Several entries in Nature this week about predatory journals. Both from Ottawa Hospital Research Institute. One emanates from the publication officer at the Institute, whose role is “dedicated to educating researchers and guiding them in their journal submission”. And telling the tale of a senior scientist finding out a paper submitted to a predatory journal and later rescinded was nonetheless published by the said journal. Which reminded me of a similar misadventure that occurred to me a few years ago. After having a discussion of an earlier paper therein rejected from The American Statistician, my PhD student Kaniav Kamary and I resubmitted it to the Journal of Applied & Computational Mathematics, from which I had received an email a few weeks earlier asking me in flowery terms for a paper. When the paper got accepted as such two days after submission, I got alarmed and realised this was a predatory journal, which title played with the quasi homonymous Journal of Computational and Applied Mathematics (Elsevier) and International Journal of Applied and Computational Mathematics (Springer). Just like the authors in the above story, we wrote back to the editors, telling them we were rescinding our submission, but never got back any reply or request of copyright transfer. Instead, requests for (diminishing) payments were regularly sent to us, for almost a year, until they ceased. In the meanwhile, the paper had been posted on the “journal” website and no further email of ours, including some from our University legal officer, induced a reply or action from the journal…

The second article in Nature is from a group of epidemiologists at the same institute, producing statistics about biomedical publications in predatory journals (characterised as such by the defunct Beall blacklist). And being much more vehement about the danger represented by these journals, which “articles we examined were atrocious in terms of reporting”, and authors submitting to them, as unethical for wasting human and animal observations. The authors of this article identify thirteen characteristics for spotting predatory journals, the first one being “low article-processing fees”, our own misadventure being the opposite. And they ask for higher control and auditing from the funding institutions over their researchers… Besides adding an extra-layer to the bureaucracy, I fear this is rather naïve, as if the boundary between predatory and non-predatory journals was crystal clear, rather than a murky continuum. And putting the blame solely on the researchers rather than sharing it with institutions always eager to push their bibliometrics towards more automation of the assessment of their researchers.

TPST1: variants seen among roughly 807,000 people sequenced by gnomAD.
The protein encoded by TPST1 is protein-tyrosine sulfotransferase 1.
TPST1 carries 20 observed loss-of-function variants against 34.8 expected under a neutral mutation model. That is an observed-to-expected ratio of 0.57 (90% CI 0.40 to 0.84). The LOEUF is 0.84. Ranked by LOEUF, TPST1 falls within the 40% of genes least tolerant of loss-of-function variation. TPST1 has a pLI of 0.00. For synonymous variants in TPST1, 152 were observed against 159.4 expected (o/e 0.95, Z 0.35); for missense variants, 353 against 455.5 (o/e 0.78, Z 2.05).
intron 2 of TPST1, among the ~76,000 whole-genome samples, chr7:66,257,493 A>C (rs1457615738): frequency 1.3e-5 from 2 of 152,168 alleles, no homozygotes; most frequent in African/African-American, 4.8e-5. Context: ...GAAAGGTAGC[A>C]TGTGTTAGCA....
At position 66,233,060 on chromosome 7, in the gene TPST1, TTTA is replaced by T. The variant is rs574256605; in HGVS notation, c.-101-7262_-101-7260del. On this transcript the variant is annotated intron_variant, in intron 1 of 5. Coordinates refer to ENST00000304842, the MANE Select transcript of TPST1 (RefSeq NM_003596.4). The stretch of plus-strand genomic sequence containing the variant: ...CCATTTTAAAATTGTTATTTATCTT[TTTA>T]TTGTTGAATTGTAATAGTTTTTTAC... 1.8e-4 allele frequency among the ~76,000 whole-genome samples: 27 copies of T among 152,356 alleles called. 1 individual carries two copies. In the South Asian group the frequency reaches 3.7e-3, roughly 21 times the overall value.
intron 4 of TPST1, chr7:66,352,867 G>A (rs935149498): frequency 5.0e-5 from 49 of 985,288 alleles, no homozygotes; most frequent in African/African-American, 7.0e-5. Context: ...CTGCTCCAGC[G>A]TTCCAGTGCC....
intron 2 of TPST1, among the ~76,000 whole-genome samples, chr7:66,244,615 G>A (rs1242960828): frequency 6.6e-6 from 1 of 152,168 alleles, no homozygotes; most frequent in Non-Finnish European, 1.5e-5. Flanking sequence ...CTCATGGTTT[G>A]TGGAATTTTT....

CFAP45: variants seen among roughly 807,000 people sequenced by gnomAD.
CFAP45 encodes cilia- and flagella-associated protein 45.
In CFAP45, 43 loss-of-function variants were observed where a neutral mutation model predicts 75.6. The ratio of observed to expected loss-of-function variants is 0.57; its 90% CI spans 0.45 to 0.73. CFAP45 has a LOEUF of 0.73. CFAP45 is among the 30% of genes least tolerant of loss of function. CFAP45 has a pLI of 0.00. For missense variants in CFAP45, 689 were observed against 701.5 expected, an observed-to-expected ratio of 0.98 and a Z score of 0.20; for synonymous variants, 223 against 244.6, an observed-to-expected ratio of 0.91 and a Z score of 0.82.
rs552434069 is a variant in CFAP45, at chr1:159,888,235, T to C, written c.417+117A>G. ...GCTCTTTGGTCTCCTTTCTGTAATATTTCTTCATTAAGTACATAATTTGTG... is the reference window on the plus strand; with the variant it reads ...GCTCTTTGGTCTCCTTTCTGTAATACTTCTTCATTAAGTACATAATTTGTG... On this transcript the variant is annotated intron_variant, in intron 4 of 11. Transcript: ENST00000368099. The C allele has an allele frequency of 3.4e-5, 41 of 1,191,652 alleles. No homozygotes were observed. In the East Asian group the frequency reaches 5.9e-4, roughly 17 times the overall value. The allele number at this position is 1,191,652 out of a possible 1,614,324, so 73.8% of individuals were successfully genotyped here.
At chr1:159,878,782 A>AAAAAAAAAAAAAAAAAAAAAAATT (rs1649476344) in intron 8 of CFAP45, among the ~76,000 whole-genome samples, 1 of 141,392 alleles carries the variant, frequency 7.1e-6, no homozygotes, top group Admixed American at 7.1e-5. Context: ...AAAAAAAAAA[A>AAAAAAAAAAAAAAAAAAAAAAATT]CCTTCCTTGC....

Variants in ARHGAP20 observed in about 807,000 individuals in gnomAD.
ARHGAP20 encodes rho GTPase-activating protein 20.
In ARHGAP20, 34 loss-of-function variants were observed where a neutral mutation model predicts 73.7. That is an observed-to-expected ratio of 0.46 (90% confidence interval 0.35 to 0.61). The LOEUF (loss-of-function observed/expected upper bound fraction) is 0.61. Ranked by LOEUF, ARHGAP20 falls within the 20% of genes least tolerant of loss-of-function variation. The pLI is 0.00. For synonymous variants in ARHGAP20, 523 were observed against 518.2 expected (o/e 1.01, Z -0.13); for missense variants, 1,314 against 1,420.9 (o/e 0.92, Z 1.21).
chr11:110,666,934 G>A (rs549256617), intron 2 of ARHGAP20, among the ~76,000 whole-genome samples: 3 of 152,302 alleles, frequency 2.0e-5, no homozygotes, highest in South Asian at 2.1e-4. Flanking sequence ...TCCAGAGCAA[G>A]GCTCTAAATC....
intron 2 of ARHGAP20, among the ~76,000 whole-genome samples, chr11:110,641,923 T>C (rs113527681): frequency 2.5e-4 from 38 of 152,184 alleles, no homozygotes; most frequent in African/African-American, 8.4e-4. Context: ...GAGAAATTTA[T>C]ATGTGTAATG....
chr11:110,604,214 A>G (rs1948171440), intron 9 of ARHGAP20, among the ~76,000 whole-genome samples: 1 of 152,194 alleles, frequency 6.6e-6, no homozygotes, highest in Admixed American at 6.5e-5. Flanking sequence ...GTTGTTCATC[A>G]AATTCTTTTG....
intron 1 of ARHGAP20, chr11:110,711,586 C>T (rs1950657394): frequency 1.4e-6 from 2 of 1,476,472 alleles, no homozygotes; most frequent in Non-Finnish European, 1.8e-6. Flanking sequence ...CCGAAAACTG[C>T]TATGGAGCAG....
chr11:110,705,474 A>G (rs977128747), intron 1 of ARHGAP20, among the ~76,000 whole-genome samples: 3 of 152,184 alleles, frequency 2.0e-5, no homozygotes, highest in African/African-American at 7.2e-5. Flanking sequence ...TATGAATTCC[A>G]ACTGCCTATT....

your topic is so much impressive

Posted in University life with tags , , , on August 5, 2017 by xi'an

An email from a predatory “journal” I received last week end… With presumably all other speakers at MCqMC 2016. Items of [moderate] interest after looking at the “journal” website:

  • weird wording
  • no mention is made in the email of the $650 required for publish a paper
  • the Editorial Board is inexistent to the point there is no Editor and the page calls for applications